Year of Award


Document Type


Degree Type

Master of Science (MS)

Degree Name


Department or School/College


Committee Chair

Anna Klene

Commitee Members

Erich Peitzsch, Lloyd Queen


Glacier National Park, Avalanche Paths, Remote Sensing, Vegetation, Random Forests, Disturbance


University of Montana

Subject Categories

Physical and Environmental Geography | Remote Sensing | Spatial Science


Snow avalanches are the common form of mass wasting in the high mountain environments of Glacier National Park (GNP), Montana. These natural disturbances play important roles in mountain ecosystems by regularly disturbing montane systems, providing critical habitat for some species, transporting debris, and influencing vegetation and fire dynamics. Since the 1900s, natural avalanche-related activity recorded along important transportation corridors within the park has frequently disrupted transportation.

While many of the steep slopes of GNP are susceptible to avalanching, formal inventories exist only for small, critical portions of the park and they vary substantially from one another. GNP’s protected status does not allow for avalanche mitigation, allowing this area to serve as a natural mountain environment for studying these processes. A current, high-resolution inventory of avalanche locations in the park is needed for the entirety of the Park.

Imagery and digital elevation models (DEMs) were used to map the distinct biogeographic and topographic patterns left by avalanching using machine learning methods. Mosaics of National Agricultural Imagery Program (NAIP) aerial photographs acquired in 2013 were segmented to map avalanche tracks. Principal components from the imagery and derivatives of the DEM were used as input to a Random Forests algorithm which mapped the most likely class for each segment using a probabilistic approach. Avalanche paths were found to comprise approximately 5-12% of the park, along predominantly south and southeasterly facing slopes between 20° to 40°. While this estimate is similar to previous studies, this work did not map starting or runout zones which would have increased the total area. The paths predicted provide a comprehensive inventory that can be used to monitor shifts in vegetation and climate dynamics within the disturbance regime. Changes were clearly seen in the contraction and expansion of trim lines of some avalanche paths in recent imagery. Future research could use this work as a baseline for time-series analysis.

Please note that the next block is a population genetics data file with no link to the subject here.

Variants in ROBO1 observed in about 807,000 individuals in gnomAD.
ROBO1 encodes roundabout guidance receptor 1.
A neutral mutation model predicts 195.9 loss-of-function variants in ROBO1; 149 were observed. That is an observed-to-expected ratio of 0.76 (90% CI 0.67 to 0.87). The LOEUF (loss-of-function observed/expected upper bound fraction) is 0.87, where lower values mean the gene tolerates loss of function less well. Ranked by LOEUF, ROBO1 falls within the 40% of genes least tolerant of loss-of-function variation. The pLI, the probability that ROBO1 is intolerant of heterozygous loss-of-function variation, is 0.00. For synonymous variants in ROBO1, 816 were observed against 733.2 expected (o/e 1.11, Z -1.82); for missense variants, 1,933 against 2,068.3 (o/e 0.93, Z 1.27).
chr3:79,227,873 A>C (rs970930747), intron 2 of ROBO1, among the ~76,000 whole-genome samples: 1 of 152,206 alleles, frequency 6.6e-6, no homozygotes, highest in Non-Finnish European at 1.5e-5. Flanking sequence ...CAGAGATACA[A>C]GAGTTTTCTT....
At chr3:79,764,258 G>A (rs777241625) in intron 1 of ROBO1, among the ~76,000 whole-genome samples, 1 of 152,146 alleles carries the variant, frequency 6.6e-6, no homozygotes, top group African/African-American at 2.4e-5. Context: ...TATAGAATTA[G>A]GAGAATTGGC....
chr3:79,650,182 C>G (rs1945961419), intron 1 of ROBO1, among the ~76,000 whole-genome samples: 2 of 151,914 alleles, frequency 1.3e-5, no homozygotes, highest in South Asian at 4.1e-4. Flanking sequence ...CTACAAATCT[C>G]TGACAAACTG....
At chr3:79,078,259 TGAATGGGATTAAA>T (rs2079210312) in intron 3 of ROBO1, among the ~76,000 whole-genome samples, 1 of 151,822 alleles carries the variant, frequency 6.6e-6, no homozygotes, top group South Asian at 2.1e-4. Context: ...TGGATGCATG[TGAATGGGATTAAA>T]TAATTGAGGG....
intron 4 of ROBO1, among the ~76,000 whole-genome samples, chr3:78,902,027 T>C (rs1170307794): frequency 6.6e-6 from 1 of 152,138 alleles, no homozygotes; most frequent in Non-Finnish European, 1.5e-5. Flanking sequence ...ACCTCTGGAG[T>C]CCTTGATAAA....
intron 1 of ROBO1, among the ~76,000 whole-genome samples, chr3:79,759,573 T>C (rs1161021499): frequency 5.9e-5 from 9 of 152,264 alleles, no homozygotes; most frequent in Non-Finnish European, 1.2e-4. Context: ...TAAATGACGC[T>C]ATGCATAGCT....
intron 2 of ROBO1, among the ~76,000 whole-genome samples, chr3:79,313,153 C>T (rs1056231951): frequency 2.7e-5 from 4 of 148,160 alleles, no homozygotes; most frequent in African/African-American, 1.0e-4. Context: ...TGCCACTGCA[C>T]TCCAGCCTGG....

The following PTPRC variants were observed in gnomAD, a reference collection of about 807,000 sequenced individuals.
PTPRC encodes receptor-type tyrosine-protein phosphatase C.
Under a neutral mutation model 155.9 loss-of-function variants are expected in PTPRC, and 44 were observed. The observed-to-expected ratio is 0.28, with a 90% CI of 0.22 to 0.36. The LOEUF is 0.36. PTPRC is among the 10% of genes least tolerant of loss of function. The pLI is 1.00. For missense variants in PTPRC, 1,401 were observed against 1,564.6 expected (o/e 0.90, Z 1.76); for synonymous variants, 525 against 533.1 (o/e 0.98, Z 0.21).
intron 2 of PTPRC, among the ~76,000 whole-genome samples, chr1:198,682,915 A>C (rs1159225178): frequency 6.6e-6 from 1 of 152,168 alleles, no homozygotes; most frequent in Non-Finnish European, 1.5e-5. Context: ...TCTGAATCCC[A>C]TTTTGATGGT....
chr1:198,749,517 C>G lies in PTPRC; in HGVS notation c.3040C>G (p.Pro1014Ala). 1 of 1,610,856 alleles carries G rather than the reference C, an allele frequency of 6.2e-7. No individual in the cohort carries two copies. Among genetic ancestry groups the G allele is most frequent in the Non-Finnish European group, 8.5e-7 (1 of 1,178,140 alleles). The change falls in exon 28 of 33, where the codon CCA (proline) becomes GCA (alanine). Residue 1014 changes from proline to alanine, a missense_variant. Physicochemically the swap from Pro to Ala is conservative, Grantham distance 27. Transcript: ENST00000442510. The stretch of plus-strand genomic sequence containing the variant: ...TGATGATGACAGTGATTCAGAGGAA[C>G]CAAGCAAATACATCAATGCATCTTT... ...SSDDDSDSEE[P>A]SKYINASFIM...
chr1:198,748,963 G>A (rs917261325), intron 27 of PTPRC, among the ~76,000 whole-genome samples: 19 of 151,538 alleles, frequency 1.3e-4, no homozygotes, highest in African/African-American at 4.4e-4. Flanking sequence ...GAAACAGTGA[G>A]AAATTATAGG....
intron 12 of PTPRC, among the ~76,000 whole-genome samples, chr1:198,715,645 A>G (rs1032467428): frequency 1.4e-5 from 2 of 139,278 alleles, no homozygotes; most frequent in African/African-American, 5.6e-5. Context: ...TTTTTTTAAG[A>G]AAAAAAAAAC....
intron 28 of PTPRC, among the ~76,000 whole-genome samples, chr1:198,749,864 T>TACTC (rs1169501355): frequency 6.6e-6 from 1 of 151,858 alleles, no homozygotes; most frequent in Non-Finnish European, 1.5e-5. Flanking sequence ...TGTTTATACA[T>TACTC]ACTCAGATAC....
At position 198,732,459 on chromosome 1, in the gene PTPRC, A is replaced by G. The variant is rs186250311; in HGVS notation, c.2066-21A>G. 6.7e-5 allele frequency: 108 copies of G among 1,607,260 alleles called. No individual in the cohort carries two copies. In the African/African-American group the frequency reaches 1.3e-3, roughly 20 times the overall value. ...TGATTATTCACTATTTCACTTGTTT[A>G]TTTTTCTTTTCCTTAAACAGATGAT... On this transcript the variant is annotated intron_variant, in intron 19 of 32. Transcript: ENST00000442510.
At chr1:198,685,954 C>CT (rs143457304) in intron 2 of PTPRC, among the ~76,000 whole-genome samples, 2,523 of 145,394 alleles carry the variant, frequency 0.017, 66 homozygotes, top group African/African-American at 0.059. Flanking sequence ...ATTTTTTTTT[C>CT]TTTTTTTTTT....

© Copyright 2019 Morgan Voss